• @ChrisMoschini Yes, you can, but you might not always want to scan the current assembly. Better to leave it open. – casperOne Jun 5 '12 at 2:50
  • I've done this many times, and there aren't many ways to make it efficient. You can skip microsoft assemblies (they are signed with the same key, so they are pretty easy to avoid using AssemblyName. You can cache results within a static, which is unique to the AppDomain in which the assemblies are loaded (have to cache the full names of the assemblies you checked in case others are loaded in the meantime). Found myself here as I'm investigating caching loaded instances of an attribute type within the attribute. Not sure of that pattern, not sure when they are instantiated, etc. – Will Aug 8 '12 at 14:29
32

Other answers reference GetCustomAttributes. Adding this one as an example of using IsDefined

Assembly assembly = ...
var typesWithHelpAttribute = 
        from type in assembly.GetTypes()
        where type.IsDefined(typeof(HelpAttribute), false)
        select type;
  • 1
    I believe it it the proper solution that use the framework intended method. – Alexey Omelchenko Mar 2 '18 at 16:26
  • Slick and reasonable approach. I went with this, thanks. – Vedran Mandić Dec 17 '18 at 20:02
10

As already stated, reflection is the way to go. If you are going to call this frequently, I highly suggest caching the results, as reflection, especially enumerating through every class, can be quite slow.

This is a snippet of my code that runs through all the types in all loaded assemblies:

// this is making the assumption that all assemblies we need are already loaded.
foreach (Assembly assembly in AppDomain.CurrentDomain.GetAssemblies()) 
{
    foreach (Type type in assembly.GetTypes())
    {
        var attribs = type.GetCustomAttributes(typeof(MyCustomAttribute), false);
        if (attribs != null && attribs.Length > 0)
        {
            // add to a cache.
        }
    }
}
7

This is a performance enhancement on top of the accepted solution. Iterating though all classes can be slow because there are so many. Sometimes you can filter out an entire assembly without looking at any of its types.

For example if you are looking for an attribute that you declared yourself, you don't expect any of the system DLLs to contain any types with that attribute. The Assembly.GlobalAssemblyCache property is a quick way to check for system DLLs. When I tried this on a real program I found I could skip 30,101 types and I only have to check 1,983 types.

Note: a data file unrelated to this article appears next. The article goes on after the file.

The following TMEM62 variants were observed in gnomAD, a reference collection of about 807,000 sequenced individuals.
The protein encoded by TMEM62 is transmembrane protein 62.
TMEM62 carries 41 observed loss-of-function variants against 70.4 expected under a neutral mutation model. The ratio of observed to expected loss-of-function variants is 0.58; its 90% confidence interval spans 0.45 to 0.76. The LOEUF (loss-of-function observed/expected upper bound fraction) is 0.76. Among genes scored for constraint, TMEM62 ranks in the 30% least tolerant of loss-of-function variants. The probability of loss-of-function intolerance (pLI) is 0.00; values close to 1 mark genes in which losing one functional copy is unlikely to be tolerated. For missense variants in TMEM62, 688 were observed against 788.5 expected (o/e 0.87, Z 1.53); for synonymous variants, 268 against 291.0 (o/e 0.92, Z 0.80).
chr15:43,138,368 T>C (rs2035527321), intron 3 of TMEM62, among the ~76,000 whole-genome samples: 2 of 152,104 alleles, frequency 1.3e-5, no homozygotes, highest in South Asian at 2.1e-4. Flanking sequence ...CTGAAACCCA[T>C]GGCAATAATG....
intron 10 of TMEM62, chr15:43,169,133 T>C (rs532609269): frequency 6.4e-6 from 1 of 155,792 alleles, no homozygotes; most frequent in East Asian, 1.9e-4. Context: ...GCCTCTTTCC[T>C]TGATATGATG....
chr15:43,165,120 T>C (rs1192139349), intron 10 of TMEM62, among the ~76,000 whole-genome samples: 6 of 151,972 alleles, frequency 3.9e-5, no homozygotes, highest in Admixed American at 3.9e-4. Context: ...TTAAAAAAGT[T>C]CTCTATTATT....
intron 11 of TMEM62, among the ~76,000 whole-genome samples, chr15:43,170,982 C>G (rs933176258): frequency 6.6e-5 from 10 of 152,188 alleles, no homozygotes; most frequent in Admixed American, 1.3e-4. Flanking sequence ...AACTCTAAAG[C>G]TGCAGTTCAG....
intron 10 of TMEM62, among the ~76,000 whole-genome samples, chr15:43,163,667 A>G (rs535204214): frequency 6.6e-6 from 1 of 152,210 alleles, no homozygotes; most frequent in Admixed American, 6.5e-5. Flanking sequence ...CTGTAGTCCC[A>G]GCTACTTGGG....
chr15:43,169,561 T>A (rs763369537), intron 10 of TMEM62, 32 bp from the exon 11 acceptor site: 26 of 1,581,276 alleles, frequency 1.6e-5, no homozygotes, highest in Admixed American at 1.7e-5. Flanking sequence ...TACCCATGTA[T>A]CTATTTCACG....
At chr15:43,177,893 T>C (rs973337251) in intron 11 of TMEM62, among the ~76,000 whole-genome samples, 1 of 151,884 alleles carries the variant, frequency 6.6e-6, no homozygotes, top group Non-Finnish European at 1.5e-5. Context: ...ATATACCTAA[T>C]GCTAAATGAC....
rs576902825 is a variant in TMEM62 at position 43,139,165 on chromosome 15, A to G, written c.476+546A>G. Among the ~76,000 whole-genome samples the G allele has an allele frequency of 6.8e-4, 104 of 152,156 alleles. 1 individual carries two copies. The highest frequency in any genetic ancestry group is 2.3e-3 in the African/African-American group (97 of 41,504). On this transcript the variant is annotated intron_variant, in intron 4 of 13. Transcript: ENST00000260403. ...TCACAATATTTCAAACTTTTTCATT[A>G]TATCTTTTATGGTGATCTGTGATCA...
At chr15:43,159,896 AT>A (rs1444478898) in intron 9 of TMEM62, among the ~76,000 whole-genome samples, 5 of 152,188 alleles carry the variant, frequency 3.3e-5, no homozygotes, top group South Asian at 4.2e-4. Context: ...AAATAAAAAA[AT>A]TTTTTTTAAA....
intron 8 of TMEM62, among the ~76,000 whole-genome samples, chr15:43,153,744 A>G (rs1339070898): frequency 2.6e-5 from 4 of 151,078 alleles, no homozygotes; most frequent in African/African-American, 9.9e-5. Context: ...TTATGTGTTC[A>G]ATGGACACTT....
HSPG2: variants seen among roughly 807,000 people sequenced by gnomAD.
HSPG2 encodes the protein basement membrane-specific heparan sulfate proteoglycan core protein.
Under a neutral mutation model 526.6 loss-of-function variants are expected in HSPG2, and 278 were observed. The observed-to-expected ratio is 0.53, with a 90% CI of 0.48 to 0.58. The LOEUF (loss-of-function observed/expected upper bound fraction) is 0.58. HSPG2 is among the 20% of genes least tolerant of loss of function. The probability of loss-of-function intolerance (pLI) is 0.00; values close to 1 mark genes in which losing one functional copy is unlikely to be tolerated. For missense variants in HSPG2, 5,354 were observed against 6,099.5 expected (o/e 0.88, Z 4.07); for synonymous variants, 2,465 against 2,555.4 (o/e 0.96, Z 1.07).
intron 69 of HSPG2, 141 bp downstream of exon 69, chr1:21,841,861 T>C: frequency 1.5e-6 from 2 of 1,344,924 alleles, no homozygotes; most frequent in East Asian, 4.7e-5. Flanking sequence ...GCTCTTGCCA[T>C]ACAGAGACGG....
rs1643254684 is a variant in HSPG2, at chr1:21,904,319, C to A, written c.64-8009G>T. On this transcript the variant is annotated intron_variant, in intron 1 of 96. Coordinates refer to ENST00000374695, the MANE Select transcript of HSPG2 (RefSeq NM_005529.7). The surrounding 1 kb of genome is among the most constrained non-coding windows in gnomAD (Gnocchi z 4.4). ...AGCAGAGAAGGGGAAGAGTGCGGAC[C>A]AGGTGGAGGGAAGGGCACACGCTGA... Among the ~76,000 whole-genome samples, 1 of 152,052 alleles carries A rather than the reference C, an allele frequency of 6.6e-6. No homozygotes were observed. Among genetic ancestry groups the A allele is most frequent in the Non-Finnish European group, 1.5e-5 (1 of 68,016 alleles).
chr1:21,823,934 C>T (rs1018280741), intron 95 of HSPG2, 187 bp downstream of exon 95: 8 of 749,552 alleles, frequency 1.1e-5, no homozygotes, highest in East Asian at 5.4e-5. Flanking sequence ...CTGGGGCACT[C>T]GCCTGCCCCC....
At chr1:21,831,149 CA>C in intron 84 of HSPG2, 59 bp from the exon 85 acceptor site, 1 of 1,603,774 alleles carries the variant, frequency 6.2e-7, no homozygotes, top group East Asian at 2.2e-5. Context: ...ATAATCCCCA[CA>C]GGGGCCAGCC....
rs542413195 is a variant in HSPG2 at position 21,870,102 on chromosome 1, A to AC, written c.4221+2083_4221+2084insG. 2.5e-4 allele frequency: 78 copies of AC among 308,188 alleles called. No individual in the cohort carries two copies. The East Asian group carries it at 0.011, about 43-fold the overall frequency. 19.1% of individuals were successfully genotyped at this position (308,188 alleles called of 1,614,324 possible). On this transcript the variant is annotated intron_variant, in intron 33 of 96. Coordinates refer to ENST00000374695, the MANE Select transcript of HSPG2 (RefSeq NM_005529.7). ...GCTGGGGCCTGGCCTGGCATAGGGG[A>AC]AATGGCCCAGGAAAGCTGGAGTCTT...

Another way to filter is to use Assembly.ReferencedAssemblies. Presumably if you want classes with a specific attribute, and that attribute is defined in a specific assembly, then you only care about that assembly and other assemblies that reference it. In my tests this helped slightly more than checking the GlobalAssemblyCache property.

I combined both of these and got it even faster. The code below includes both filters.

        string definedIn = typeof(XmlDecoderAttribute).Assembly.GetName().Name;
        foreach (Assembly assembly in AppDomain.CurrentDomain.GetAssemblies())
            // Note that we have to call GetName().Name.  Just GetName() will not work.  The following
            // if statement never ran when I tried to compare the results of GetName().
            if ((!assembly.GlobalAssemblyCache) && ((assembly.GetName().Name == definedIn) || assembly.GetReferencedAssemblies().Any(a => a.Name == definedIn)))
                foreach (Type type in assembly.GetTypes())
                    if (type.GetCustomAttributes(typeof(XmlDecoderAttribute), true).Length > 0)
3

In case of the Portable .NET limitations, the following code should work:

    public static IEnumerable<TypeInfo> GetAtributedTypes( Assembly[] assemblies, 
                                                           Type attributeType )
    {
        var typesAttributed =
            from assembly in assemblies
            from type in assembly.DefinedTypes
            where type.IsDefined(attributeType, false)
            select type;
        return typesAttributed;
    }

or for a large number of assemblies using loop-state based yield return:

    public static IEnumerable<TypeInfo> GetAtributedTypes( Assembly[] assemblies, 
                                                           Type attributeType )
    {
        foreach (var assembly in assemblies)
        {
            foreach (var typeInfo in assembly.DefinedTypes)
            {
                if (typeInfo.IsDefined(attributeType, false))
                {
                    yield return typeInfo;
                }
            }
        }
    }
0

We can improve on Andrew's answer and convert the whole thing into one LINQ query.

    public static IEnumerable<Type> GetTypesWithHelpAttribute(Assembly assembly)
    {
        return assembly.GetTypes().Where(type => type.GetCustomAttributes(typeof(HelpAttribute), true).Length > 0);
    }

Your Answer

By clicking “Post Your Answer”, you agree to our terms of service, privacy policy and cookie policy

Not the answer you're looking for? Browse other questions tagged or ask your own question.